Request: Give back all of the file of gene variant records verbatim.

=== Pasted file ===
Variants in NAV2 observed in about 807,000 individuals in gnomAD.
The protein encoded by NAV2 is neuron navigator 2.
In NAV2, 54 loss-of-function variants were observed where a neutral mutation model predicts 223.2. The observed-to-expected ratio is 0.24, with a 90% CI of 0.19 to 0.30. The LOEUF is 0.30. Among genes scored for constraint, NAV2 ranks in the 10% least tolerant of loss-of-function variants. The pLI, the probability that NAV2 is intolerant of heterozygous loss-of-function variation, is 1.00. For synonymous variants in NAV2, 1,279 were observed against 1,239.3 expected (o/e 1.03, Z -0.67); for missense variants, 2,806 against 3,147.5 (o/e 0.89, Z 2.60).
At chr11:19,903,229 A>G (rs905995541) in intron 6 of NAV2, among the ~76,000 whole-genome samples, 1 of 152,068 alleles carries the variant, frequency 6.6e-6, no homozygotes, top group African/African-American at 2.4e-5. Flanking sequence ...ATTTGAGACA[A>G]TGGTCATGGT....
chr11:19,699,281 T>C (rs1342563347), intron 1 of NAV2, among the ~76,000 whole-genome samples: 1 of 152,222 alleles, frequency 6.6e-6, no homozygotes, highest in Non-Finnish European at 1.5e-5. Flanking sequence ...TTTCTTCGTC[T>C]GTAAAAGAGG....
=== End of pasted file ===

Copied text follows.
Variants in NAV2 observed in about 807,000 individuals in gnomAD.
The protein encoded by NAV2 is neuron navigator 2.
In NAV2, 54 loss-of-function variants were observed where a neutral mutation model predicts 223.2. The observed-to-expected ratio is 0.24, with a 90% CI of 0.19 to 0.30. The LOEUF is 0.30. Among genes scored for constraint, NAV2 ranks in the 10% least tolerant of loss-of-function variants. The pLI, the probability that NAV2 is intolerant of heterozygous loss-of-function variation, is 1.00. For synonymous variants in NAV2, 1,279 were observed against 1,239.3 expected (o/e 1.03, Z -0.67); for missense variants, 2,806 against 3,147.5 (o/e 0.89, Z 2.60).
At chr11:19,903,229 A>G (rs905995541) in intron 6 of NAV2, among the ~76,000 whole-genome samples, 1 of 152,068 alleles carries the variant, frequency 6.6e-6, no homozygotes, top group African/African-American at 2.4e-5. Flanking sequence ...ATTTGAGACA[A>G]TGGTCATGGT....
chr11:19,699,281 T>C (rs1342563347), intron 1 of NAV2, among the ~76,000 whole-genome samples: 1 of 152,222 alleles, frequency 6.6e-6, no homozygotes, highest in Non-Finnish European at 1.5e-5. Flanking sequence ...TTTCTTCGTC[T>C]GTAAAAGAGG....